SCAD’s deFINE Art with Carlos Cruz-Diez, Hank Willis Thomas, Chiharu Shiota, and more
Last month, from February 21-24, the Savannah College of Art and Design (SCAD) held its eight annual edition of deFINE ART, its multi-day event of exhibition openings, talks, lectures, and workshops. The program took place over SCAD’s multiple locations in Savannah, Atlanta, and Hong Kong, including an opening night musical performance by Madame Gandhi.
This year’s honoree was artist Carlos Cruz-Diez, the subject of a solo show “Chroma” curated by the SCAD Museum of Art‘s head curator Storm Janse van Rensburg and Raquel Serebrenik with Articruz and the Cruz-Diez Foundation. The artist’s color theory explorations also took place outside the museum—his signature multi-colored crosswalk painting nearby, and a shipping container filled with light-based color chambers, “Chromosaturation.” Cruz-Diez closed out the week at a keynote conversation with van Rensburg in SCAD’s Trustees Theater. The talk was bookended by a flamenco dancer in all-white moving against an entrancing projection by the artist, and a standing ovation from the audience which included his family.
That week saw the opening of several other solo shows at the museum, with most artists in town for the opening. Setting the tone for the series of exhibitions was Hank Willis Thomas‘ “Blind Memory” interventions in the buildings four street-facing Jewel Boxes. The artist filled each with tobacco, cotton, rice, and indigo—crops once gathered by slaves on Savannah’s plantations.
Inside, the first gallery hosts his show “Freedom Isn’t Always Beautiful,” featuring a variety of the artist’s work that asks the question, “Which history?,” exploring issues of race, gender, politics, and consumerism. Where a viewer stands, affects how the works are seen, like It Should Have been Me/It Could Have Been You (2012) and Zero Hour (from Wayfarer series) (2012). In a series of pieces from 2016, Thomas prints photographs from the Civil Rights movement onto mirrored surfaces. As a viewer stands in front of the work, seeing his or her reflection, the question becomes, “Where would you have stood at this moment in history?” Other works like Icarus (2016) and From Cain’t See in the Morning til Cain’t See at Night (2011) relate the commodification of the black body in slavery and in sports today.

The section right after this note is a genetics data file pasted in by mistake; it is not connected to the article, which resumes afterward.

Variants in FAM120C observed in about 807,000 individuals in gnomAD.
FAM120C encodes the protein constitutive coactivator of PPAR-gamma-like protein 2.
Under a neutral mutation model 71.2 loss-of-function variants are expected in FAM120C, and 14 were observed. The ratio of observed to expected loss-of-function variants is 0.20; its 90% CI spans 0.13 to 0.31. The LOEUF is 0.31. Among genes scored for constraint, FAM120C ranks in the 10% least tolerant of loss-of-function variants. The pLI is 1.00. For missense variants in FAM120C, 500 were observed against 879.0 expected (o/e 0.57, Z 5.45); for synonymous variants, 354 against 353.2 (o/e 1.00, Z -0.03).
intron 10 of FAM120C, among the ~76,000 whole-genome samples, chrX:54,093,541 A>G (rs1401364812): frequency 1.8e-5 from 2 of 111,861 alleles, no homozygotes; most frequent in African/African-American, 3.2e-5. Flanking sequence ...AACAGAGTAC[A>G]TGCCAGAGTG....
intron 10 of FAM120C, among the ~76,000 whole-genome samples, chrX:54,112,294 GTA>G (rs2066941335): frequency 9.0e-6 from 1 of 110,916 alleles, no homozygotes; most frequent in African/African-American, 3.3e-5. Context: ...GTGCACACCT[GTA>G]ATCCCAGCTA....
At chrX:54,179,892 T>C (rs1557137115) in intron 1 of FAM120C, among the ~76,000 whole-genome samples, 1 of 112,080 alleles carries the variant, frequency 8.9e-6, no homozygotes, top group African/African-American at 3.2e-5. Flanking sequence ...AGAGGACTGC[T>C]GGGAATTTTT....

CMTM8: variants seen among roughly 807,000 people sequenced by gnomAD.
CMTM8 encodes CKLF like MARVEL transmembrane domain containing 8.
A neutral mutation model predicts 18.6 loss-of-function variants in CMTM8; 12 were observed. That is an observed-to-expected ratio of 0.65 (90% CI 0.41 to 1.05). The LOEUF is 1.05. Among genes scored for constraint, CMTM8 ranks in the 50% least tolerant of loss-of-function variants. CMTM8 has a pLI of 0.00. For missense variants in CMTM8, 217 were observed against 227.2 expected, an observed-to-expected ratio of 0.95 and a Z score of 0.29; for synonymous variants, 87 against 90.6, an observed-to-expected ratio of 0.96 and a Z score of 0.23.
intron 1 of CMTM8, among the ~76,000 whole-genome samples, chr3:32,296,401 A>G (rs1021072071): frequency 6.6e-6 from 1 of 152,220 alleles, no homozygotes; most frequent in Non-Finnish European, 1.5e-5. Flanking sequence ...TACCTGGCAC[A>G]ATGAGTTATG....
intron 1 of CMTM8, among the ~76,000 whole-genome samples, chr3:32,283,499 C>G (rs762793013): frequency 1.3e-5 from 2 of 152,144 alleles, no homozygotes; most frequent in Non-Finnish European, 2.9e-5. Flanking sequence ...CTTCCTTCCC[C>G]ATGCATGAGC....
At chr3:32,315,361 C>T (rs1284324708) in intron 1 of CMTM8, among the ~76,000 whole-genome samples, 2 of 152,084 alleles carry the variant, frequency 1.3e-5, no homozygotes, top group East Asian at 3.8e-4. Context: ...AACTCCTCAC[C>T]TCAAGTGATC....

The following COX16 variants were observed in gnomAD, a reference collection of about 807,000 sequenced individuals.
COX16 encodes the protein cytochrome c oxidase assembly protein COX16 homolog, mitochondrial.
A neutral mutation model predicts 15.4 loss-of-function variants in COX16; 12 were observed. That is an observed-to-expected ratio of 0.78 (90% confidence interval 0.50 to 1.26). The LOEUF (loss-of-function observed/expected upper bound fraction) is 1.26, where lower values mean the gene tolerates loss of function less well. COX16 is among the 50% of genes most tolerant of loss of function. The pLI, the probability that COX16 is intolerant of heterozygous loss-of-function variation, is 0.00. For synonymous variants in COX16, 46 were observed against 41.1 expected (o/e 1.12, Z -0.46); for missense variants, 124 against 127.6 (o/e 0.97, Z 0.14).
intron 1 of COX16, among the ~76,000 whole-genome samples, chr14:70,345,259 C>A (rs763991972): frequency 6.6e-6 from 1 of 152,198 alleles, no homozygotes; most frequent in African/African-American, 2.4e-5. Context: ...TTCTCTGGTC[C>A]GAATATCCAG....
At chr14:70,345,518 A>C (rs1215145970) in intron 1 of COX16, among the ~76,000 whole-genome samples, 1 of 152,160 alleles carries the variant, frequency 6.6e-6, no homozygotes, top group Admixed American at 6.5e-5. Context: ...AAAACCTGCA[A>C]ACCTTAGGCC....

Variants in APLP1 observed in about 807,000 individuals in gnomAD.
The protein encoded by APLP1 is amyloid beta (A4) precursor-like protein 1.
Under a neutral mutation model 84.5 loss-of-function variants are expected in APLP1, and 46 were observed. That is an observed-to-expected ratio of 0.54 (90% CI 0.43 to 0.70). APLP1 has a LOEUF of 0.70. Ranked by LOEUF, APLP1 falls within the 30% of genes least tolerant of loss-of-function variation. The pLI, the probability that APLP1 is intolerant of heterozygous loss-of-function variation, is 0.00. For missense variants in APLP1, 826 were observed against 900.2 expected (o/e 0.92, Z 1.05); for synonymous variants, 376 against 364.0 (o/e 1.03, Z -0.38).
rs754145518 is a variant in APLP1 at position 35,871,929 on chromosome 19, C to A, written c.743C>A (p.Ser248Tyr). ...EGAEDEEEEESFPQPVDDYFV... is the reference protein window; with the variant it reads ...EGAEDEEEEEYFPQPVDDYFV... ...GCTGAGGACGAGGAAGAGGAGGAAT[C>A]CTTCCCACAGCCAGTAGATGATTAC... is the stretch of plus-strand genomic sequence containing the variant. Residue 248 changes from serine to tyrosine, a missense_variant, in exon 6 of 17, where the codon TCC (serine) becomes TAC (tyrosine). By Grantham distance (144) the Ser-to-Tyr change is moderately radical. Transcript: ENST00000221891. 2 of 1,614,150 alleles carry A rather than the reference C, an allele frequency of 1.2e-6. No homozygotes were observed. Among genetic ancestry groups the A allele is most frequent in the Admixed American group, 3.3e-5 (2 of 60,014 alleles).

In the gallery beyond, Hernan Bas‘ “Florida Living” presents all new work. He created a salon-like setting complete with original wallpaper, folding screens, a rug, sculptures, paintings, and pink birds. He was inspired by an image of Monet’s studio for the installation. His new paintings show cool looking young men surrounded by tropical plant life, flamingos, and lawn decor, completing tension-filled Floridian scenes.
From Bas’ bright gallery of pinks, greens, and yellows, comes a dark narrow gallery, save for the glittering light dancing on the walls and ceiling, reflected off of Monir Shahroudy Farmanfarmaian‘s decadent geometric mirrored pieces. The artist’s “Lineages” features several of her dazzling sculptural mosaics created since 2011, paired with a series of small drawings from 1977.
Chiharu Shiota‘s bright red “Infinity Lines,” beckons from the edge of the previous gallery. The site-specific project fills the room with an intricate web of red yarn strung from the wall, ceiling, and floor to create a dense forest of color. Thickets of yarn that frame a labyrinth of covered corridors are broken up by empty dark chairs, all facing one direction, in some instances resembling the formation of a pews in a church. The work is at once haunting and inviting, an exercise in the way color can envelop the viewer.
Also on view is José Parlá‘s “Roots,” Glen Fogel‘s With You… Us,” and William Singer‘s “From the Depths Above.”